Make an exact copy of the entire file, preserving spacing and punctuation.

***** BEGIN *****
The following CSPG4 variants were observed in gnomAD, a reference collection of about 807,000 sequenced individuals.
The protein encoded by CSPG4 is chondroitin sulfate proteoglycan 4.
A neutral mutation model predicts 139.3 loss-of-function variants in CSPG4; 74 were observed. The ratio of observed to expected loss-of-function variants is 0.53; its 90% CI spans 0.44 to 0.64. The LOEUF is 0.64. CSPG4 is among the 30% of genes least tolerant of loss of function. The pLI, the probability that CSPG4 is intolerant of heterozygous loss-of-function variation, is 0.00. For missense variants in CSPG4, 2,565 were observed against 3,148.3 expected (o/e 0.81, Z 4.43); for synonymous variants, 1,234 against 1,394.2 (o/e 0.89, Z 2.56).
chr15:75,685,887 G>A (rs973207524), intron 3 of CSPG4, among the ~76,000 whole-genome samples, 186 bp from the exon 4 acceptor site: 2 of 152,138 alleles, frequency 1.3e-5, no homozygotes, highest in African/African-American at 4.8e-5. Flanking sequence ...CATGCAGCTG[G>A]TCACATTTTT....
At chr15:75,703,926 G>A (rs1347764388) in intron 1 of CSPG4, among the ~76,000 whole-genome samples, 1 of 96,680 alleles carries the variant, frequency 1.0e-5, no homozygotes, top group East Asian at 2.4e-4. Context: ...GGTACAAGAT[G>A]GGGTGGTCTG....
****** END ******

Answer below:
The following CSPG4 variants were observed in gnomAD, a reference collection of about 807,000 sequenced individuals.
The protein encoded by CSPG4 is chondroitin sulfate proteoglycan 4.
A neutral mutation model predicts 139.3 loss-of-function variants in CSPG4; 74 were observed. The ratio of observed to expected loss-of-function variants is 0.53; its 90% CI spans 0.44 to 0.64. The LOEUF is 0.64. CSPG4 is among the 30% of genes least tolerant of loss of function. The pLI, the probability that CSPG4 is intolerant of heterozygous loss-of-function variation, is 0.00. For missense variants in CSPG4, 2,565 were observed against 3,148.3 expected (o/e 0.81, Z 4.43); for synonymous variants, 1,234 against 1,394.2 (o/e 0.89, Z 2.56).
chr15:75,685,887 G>A (rs973207524), intron 3 of CSPG4, among the ~76,000 whole-genome samples, 186 bp from the exon 4 acceptor site: 2 of 152,138 alleles, frequency 1.3e-5, no homozygotes, highest in African/African-American at 4.8e-5. Flanking sequence ...CATGCAGCTG[G>A]TCACATTTTT....
At chr15:75,703,926 G>A (rs1347764388) in intron 1 of CSPG4, among the ~76,000 whole-genome samples, 1 of 96,680 alleles carries the variant, frequency 1.0e-5, no homozygotes, top group East Asian at 2.4e-4. Context: ...GGTACAAGAT[G>A]GGGTGGTCTG....